Since taking office in 2018, Florida Governor Ron DeSantis has grown increasingly vocal in his criticism of President Donald Trump’s policies. Initially keeping himself in lockstep with the president and more cautious statements, DeSantis has shifted his stance to an arguably more direct approach. Now, DeSantis is slamming the president with language that is viewed as more confrontational.
It began in May when DeSantis announced that he would be issuing a greater amount of executive orders than the president in order to combat Covid-19. He then launched into a wide-ranging critique of the president’s actions regarding the virus, calling Trump’s unwillingness to accept responsibility for mistakes “a distraction from actually doing the work.”
DeSantis’ more direct language didn’t end there. More recently, the governor attacked Trump’s refusal to release his taxes and his investing in regarding the Russia investigation in Fox’s interview. DeSantis remarked that not releasing taxes “sends a bad message” and added that the president’s investment in Russia showed a “lack of moral authority.”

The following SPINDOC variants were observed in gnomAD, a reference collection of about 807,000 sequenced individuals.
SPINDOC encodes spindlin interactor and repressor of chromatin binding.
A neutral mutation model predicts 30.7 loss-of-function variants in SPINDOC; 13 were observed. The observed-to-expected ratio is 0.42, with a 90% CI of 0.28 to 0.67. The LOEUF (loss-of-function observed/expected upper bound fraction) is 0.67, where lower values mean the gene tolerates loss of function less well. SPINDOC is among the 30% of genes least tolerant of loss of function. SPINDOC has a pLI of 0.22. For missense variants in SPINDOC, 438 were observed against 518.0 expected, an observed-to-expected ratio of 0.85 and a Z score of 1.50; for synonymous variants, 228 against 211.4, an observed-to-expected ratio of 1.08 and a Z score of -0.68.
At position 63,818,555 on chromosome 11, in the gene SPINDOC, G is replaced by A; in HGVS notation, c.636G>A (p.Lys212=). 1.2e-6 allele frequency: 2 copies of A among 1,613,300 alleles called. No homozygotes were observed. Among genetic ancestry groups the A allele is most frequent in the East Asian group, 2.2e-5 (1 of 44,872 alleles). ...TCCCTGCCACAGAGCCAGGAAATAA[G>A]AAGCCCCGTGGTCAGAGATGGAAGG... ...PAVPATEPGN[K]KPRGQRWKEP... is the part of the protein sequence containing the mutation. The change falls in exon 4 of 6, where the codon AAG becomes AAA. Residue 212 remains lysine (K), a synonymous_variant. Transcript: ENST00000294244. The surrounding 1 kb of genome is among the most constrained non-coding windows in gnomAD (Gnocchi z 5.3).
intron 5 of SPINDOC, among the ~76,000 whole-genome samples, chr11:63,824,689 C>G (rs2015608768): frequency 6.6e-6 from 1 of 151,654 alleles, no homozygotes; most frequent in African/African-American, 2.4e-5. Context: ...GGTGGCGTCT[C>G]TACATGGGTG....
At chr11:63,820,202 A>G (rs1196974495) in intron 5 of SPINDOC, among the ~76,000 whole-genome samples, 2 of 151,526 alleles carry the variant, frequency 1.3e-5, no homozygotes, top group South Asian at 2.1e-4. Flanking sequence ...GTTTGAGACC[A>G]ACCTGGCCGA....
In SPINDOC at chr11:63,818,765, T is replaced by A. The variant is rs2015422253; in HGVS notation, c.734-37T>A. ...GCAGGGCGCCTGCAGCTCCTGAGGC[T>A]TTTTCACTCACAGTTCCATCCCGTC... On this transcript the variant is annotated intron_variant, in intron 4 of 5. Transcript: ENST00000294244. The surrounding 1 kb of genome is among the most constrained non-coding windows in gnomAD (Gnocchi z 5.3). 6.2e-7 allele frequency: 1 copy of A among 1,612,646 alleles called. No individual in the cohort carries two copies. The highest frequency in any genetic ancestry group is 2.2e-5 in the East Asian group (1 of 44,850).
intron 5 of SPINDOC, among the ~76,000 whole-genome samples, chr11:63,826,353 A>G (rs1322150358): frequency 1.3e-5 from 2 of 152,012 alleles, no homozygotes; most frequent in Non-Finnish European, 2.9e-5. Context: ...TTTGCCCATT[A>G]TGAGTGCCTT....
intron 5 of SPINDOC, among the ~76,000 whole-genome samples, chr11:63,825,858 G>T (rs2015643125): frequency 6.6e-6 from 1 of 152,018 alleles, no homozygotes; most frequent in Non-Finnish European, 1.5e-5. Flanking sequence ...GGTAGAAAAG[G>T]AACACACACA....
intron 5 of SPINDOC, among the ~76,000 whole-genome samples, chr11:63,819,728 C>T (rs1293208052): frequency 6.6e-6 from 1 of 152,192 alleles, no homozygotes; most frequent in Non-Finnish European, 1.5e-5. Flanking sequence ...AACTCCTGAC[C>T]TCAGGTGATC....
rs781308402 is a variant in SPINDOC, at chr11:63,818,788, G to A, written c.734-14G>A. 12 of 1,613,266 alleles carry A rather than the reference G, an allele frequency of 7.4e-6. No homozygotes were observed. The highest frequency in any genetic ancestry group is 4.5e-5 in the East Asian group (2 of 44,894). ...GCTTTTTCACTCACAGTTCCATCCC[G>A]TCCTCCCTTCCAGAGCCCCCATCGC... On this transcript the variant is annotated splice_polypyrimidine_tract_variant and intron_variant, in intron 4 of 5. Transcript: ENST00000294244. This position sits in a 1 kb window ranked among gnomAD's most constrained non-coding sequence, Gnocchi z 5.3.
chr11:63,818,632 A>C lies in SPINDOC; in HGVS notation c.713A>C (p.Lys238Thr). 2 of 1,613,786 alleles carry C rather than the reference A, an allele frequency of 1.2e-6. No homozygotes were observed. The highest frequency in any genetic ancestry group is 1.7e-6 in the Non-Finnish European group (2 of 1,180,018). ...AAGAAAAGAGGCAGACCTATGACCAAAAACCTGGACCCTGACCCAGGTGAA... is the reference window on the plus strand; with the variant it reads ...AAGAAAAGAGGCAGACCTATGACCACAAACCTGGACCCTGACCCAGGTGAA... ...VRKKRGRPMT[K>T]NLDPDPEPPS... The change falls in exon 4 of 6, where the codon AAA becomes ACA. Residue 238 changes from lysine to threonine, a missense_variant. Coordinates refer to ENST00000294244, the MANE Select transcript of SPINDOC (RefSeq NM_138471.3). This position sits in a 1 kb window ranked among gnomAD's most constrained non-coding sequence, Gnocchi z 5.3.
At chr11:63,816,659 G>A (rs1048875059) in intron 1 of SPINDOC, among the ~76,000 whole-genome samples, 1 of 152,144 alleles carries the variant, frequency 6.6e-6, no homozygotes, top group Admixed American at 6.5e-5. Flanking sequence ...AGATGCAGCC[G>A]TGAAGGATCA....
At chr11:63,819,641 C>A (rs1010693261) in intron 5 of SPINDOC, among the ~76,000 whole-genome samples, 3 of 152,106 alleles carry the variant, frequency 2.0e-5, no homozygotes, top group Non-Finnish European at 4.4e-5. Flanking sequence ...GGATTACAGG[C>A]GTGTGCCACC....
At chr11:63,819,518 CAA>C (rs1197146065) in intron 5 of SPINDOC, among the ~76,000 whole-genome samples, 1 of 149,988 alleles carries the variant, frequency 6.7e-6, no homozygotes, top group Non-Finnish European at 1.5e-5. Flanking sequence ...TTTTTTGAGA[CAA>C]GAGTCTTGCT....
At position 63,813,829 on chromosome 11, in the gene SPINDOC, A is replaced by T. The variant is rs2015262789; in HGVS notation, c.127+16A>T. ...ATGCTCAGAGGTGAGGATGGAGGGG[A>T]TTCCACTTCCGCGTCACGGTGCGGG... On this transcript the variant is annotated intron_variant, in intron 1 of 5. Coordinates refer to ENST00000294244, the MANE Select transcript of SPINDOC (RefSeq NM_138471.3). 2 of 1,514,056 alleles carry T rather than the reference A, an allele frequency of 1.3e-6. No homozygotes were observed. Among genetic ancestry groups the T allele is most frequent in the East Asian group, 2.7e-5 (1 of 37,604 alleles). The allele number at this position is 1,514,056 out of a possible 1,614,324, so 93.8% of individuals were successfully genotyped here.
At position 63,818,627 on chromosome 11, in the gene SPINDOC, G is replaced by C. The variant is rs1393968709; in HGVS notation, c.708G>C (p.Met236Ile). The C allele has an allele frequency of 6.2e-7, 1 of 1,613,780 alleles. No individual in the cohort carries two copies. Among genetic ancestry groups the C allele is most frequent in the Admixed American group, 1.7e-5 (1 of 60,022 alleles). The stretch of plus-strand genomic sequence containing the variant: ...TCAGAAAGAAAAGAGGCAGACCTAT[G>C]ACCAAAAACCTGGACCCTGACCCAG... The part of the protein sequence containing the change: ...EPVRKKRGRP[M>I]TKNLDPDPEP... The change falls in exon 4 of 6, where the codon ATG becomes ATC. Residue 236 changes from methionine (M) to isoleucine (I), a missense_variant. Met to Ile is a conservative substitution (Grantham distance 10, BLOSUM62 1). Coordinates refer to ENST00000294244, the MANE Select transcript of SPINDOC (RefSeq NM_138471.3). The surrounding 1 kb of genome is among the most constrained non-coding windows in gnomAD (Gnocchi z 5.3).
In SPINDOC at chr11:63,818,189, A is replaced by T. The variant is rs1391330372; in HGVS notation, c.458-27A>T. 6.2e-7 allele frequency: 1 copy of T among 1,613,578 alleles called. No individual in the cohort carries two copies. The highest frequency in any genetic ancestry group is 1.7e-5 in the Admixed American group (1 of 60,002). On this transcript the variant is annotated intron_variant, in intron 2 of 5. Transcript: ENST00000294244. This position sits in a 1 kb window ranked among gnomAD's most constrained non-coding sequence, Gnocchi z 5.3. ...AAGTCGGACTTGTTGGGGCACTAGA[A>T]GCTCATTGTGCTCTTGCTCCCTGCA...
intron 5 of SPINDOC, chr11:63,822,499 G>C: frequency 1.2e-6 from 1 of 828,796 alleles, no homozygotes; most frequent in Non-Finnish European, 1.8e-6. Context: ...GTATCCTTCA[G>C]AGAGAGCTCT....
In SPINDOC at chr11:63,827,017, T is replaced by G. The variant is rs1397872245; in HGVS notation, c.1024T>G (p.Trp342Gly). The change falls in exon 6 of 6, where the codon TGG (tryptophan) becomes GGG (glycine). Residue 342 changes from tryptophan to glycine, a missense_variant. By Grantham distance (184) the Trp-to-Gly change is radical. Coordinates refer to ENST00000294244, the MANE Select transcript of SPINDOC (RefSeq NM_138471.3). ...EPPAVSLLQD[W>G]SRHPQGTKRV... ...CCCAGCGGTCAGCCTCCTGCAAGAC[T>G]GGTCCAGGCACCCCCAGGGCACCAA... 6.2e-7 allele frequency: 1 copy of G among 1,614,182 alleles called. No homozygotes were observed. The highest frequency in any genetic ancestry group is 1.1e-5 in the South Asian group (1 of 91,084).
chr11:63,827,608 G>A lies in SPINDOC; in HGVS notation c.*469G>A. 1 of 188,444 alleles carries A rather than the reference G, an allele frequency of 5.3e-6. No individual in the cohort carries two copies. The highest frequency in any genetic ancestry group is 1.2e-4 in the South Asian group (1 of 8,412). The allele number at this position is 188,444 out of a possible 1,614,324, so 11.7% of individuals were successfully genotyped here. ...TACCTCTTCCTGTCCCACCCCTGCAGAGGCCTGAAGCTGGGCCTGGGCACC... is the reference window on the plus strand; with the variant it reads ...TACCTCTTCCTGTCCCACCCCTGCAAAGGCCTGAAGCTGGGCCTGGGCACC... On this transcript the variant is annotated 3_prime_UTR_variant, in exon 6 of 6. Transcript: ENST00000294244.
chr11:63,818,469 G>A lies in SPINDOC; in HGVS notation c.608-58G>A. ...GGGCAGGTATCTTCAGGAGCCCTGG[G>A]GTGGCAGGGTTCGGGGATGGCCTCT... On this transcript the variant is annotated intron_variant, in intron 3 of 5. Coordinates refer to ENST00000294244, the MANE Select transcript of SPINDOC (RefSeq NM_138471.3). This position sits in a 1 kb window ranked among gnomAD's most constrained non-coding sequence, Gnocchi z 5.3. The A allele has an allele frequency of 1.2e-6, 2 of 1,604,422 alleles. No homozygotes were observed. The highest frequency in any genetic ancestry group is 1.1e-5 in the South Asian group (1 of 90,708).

It’s clear that DeSantis’ more direct approach to criticizing the president is a calculated move. Currently, the governor is balancing his loyalty and political alliance with the president and his own desire to be seen as an independent leader in the GOP. This more direct critique of Trump is DeSantis’ attempt to draw a distinction between himself and his former ally without being too extreme.
However, this move is a risky one. While DeSantis’ criticism could buy him positive response from more independent voters, his rhetoric runs the risk of alienating the hard-core Trump supporters and die-hard GOP members who still stand firmly with the president. As a result, DeSantis’ more confrontational stance could backfire and cost him both political power and potential voters in the party.
It remains to be seen whether DeSantis’ more direct critique of the president will pay off. It is certainly a tough sell to both Trump supporters and the more center-leaning GOP, but will likely nevertheless prove a key part of the Florida Governor’s political success.